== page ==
The National Sea Grant Law Center


  • Paycheck Protection Program (PPP) Flexibility Act of 2020

  • June 18th, 2020 — by Thomas Finley — Category: COVID-19 PPP

  • The Paycheck Protection Program (PPP) was passed as a part of the Coronavirus Aid, Relief, and Economic Security Act (CARES Act) in response to the needs of businesses experiencing loss of revenues due to government forced shutdowns. The PPP was specifically intended to provide funding for businesses to continue paying their employees, including benefits such as health insurance, and paying immediate expenses to prevent businesses from closing permanently. Congress has provided more funding for the PPP in response to high demand and, with the passage of the Paycheck Protection Program Flexibility Act of 2020 (PPP Flexibility Act), enacted several changes and clarifications to make it more friendly for American business owners.

    The PPP Flexibility Act grants businesses more time to meet the requirements for loan forgiveness. Businesses are allowed to retain the original 8-week covered period for spending the PPP loan funds if they choose, but the covered period is now extended to 24 weeks after the date of loan origination or until December 31, 2020, whichever is earlier. Under the PPP Flexibility Act, new loans disbursed after the loan’s passing now have a maturity period of at least 5 years. Further, to qualify for the safe harbor from reductions in the forgivable amount, businesses have until December 31, 2020 to document that they have rehired former employees, found equally capable employees, or are incapable of rehiring employees due to the inability to return to normal business levels because of governmental restrictions. Businesses are now allowed to defer payments until the forgiven amount is determined or 10 months after the last day of the covered period if the borrower fails to apply for forgiveness.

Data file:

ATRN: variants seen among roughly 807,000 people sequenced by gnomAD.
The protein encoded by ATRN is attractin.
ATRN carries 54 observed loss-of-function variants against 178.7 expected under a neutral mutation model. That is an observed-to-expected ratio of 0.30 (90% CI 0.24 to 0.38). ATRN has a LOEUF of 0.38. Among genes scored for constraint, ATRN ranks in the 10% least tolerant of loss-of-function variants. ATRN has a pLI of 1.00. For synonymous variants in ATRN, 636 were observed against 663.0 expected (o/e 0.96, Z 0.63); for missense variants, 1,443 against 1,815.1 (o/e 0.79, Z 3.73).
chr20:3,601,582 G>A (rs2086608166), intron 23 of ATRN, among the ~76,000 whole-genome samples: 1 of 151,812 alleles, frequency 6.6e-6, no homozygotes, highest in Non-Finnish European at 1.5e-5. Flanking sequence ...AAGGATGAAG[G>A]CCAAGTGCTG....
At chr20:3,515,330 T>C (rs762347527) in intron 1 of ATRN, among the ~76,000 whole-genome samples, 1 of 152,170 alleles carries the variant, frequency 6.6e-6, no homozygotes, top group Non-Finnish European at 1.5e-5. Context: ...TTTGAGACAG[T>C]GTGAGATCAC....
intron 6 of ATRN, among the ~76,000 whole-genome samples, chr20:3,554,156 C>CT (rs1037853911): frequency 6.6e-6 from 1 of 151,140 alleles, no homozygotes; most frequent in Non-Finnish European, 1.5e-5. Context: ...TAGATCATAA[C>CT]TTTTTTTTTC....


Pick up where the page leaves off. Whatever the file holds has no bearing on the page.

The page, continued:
There are other major changes from the PPP Flexibility Act. The first is the spending threshold to remain eligible for loan forgiveness. The SBA, with input from the Secretary of the Treasury, originally specified that a minimum of 75% of the PPP loan funds must go towards payroll expenses. The PPP Flexibility Act lowers that threshold to 60%. This means that now only 60% of loan funds must go towards payroll to be eligible for total loan forgiveness. The other 40% of the funds must go towards either mortgage interest (not principal), rent, or utilities. If a business does not reach the 60% threshold, the business is still eligible for partial forgiveness. The last major change is the ability for employers to delay payment of employer payroll taxes. Now all recipients of the PPP loans are eligible to delay payroll tax payments, regardless of previous debt forgiveness, with the terms of 50% of total deferred paid by December 31, 2021 and the remainder paid by December 31, 2022.

    The PPP Flexibility Act helps businesses adjust to the circumstances of the forced shutdowns in ways not initially allowed by the CARES Act and SBA regulations. While the deadline to be approved for a PPP loan remains June 30, 2020, the PPP Flexibility Act should make the loan program beneficial to any business that needs PPP assistance by allowing the delay of employer payroll taxes payments, extending deadlines for forgiveness requirements, and allowing more flexibility with expenses covered by the funds.

  • Thomas Finley
    NSGLC COVID-19 Rapid Response Research Associate

Stay Current with
Our Publications

Subscribe today to our free
quarterly publication, The SandBar
— and to our monthly newsletter,
the Ocean and Coastal Case Alert.